Friends Don’t Let Friends Get Skinny Fat!


Raise your hand if you have had this discussion with a “skinny-fat” friend (usually a woman, as it turns out). Skinny-fat women might look nice in a v-neck, but they’d sooner crawl into a hole than expose an upper arm or leg.

Art De Vany says, “Muscle is medicine.”

The descent into the skinny-fat state is the number one problem for most people as they age, according to Art De Vany. They are not aging so much as they are losing their body composition and strength; with that, their metabolism goes south and they suffer the skinny-fat syndrome or what is technically known as sarcopenic obesity.

We have covered in the past why the BMI is bogus for CrossFitters. The common wisdom is that if you are overweight you are unhealthy, and if you are thin, you are healthy.

But new research points to just how dangerous being skinny can be if you are a “skinny fat” person:

The shocking news from a study published in the Journal of the American Medical Association[3] is that nearly 1 in 4 skinny people have pre-diabetes and are “metabolically obese.”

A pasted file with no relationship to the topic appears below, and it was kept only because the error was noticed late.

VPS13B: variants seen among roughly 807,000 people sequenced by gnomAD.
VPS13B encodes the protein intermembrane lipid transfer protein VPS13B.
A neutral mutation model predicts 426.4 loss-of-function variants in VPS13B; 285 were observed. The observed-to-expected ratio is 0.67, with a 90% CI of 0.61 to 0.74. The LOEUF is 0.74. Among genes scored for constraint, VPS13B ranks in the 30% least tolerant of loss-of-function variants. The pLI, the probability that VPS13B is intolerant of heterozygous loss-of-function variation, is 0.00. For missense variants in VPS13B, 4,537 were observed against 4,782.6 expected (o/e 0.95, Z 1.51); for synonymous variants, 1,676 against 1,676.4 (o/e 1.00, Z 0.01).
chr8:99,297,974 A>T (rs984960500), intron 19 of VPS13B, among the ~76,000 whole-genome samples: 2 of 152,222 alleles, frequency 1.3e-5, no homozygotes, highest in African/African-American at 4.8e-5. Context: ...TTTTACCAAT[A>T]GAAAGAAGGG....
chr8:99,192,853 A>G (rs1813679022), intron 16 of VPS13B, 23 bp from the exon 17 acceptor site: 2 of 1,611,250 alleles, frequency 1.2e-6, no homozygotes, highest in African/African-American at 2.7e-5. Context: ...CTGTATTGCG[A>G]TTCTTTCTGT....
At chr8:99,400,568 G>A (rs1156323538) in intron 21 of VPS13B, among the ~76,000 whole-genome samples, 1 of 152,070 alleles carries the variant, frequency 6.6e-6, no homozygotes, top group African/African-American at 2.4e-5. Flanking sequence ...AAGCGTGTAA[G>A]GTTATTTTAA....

What’s worse is that if you are a skinny fat person and get diagnosed with diabetes, you have twice the risk of death than if you are overweight when diagnosed with diabetes. Perhaps having that extra muscle on your body from having to carry around those extra pounds protects you.

Why is this so pertinent to women? Mark’s Daily Apple sums it up well:

Skinny-fatness strikes women a lot more than men. I think this is mainly because men aren’t afraid of lifting weights to lose weight (and, to be fair, men naturally do have so much more muscle and far less fat).

Women, on the other hand, evidently prefer inventing bizarre and complicated diet regimens revolving around arcane preparation rituals, subsistence on one food group or arbitrary calorie limits ….

The less muscle you have, the less work your bones have to do, and they begin to shed that incredibly valuable osseous material: your bones, which are, in fact, living tissues directly related to your blood, immune system, strength, longevity – even your mood.